Leaving no one behind is the moral issue of our age, and is at the heart of an ambitious blueprint for action: the Sustainable Development Goals (SDGs). One specific goal is ‘ending poverty, in all its forms, everywhere’, but the SDGs also aim to tackle marginalisation. The SDG outcome document specifies that the goals should be met for all segments of society, with an aim to reach those furthest behind first. Now the focus is on implementation, particularly at the national level. This report not only makes the case for early action, it also quantifies its benefits. The report outlines the actions that governments can take in the first 1,000 days of the SDGs to respond to what poor people want and to deliver for the most marginalised people and groups. The evidence shows that achieving the SDGs and the ambition to leave no one behind will become far more difficult the longer governments delay.
This report explores for the first time the scale of the challenge for 20 cities across the world to reach selected targets set out in the Sustainable Development Goals (SDGs). More than half of the targets included will require a profound acceleration of efforts if they are to be achieved by the majority of selected cities. Targets that are not on course to be met by the majority of cities studied include ending child malnutrition, achieving full and productive female employment, access to adequate housing and access to drinking water and sanitation. The report makes a series of recommendations to increase progress towards the SDGs, including: 1) Central governments and donors should work to strengthen local governments’ capacities; 2) Government and city administrations should invest more in ways to monitor progress on the SDGs; 3) Statistical offices’ and cities’ information systems should improve the data available.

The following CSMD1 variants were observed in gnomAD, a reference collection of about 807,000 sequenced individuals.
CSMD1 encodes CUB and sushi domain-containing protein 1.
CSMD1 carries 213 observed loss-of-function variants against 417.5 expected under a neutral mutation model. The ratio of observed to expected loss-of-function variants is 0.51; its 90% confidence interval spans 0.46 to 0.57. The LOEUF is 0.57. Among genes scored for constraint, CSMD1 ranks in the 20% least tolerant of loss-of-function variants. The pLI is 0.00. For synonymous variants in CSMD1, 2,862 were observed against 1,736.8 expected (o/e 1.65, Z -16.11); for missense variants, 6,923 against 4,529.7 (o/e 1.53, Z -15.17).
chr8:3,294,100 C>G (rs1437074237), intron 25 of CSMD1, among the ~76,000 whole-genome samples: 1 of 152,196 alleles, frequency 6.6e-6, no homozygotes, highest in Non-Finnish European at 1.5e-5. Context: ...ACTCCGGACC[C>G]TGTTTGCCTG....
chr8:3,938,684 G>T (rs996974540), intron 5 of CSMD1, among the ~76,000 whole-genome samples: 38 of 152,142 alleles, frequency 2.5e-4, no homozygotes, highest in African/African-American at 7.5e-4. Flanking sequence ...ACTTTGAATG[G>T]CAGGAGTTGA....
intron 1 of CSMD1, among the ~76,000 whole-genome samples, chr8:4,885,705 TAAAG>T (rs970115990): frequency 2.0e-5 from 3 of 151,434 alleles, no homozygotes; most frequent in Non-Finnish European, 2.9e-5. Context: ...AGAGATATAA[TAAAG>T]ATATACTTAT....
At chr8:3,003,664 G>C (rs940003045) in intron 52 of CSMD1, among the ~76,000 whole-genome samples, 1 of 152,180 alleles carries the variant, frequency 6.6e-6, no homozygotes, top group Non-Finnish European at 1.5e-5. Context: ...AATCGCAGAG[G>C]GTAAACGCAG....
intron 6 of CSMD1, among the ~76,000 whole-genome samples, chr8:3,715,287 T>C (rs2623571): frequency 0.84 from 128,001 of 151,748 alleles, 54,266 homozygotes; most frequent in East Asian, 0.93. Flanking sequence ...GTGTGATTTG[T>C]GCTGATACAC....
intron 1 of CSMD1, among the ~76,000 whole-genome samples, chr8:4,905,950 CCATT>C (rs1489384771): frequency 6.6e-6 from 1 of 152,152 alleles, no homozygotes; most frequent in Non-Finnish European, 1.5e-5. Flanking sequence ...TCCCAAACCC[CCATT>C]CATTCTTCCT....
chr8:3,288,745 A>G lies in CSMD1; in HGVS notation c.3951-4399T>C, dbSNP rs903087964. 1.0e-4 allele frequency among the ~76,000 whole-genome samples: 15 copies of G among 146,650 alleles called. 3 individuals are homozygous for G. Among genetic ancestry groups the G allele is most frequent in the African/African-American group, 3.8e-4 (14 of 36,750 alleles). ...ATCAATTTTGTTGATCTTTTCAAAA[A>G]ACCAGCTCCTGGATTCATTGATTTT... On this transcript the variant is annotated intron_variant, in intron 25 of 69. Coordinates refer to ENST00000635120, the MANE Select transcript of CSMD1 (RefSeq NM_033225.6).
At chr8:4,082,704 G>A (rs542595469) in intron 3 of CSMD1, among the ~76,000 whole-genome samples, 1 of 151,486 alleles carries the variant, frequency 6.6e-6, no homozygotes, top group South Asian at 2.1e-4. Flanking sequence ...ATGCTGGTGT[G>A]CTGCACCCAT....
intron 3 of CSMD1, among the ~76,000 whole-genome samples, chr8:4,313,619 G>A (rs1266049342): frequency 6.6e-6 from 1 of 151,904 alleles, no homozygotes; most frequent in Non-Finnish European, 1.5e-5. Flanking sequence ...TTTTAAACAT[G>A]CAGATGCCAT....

Community-based health insurance schemes (Mutuelles) in Rwanda are one of the largest experiments in community based risk-sharing mechanisms in Sub-Saharan Africa for health related problems. This study examines the impact of the program on demand for modern health care, mitigation of out-of-pocket catastrophic health expenditure and social inclusiveness based on a nationally representative household survey using traditional regression approach and matching estimator popular in the evaluation literature. Our findings suggest that Mutuelles have been successful in increasing utilization of modern health care services and reducing catastrophic health related expenditure. According to our preferred method, higher utilization of health care services was found among the insure non-poor than insured poor households, with comparable effect in reducing health-related expenditure shocks.
While agro-chemicals such as pesticides, fungicides, and herbicides are often promoted as inputs that increase agricultural productivity by limiting a range of pre-harvest losses, their use may have negative human health and labor productivity implications. We explore the relationship between agro-chemical use and the value of crop output at the plot level and a range of human health outcomes at the household level using nationally representative panel survey data from four Sub-Saharan African countries where more than ten percent of main season cultivators use agro-chemicals. We find that agro-chemicals use is associated with increased value of harvest, with similar magnitudes across three of the four countries under study, but is also associated with increases in costs associated with human illness, including increased health expenditures related to illness and time lost from work due to sickness in recent past. We motivate our empirical work with a simple dynamic optimization model that clearly shows the role that farmer understanding of these feedbacks can play in optimizing the use of agro-chemicals. The central role of information in determining that optimum underscores the role of agricultural and public health extension as modern input intensification proceeds in the region.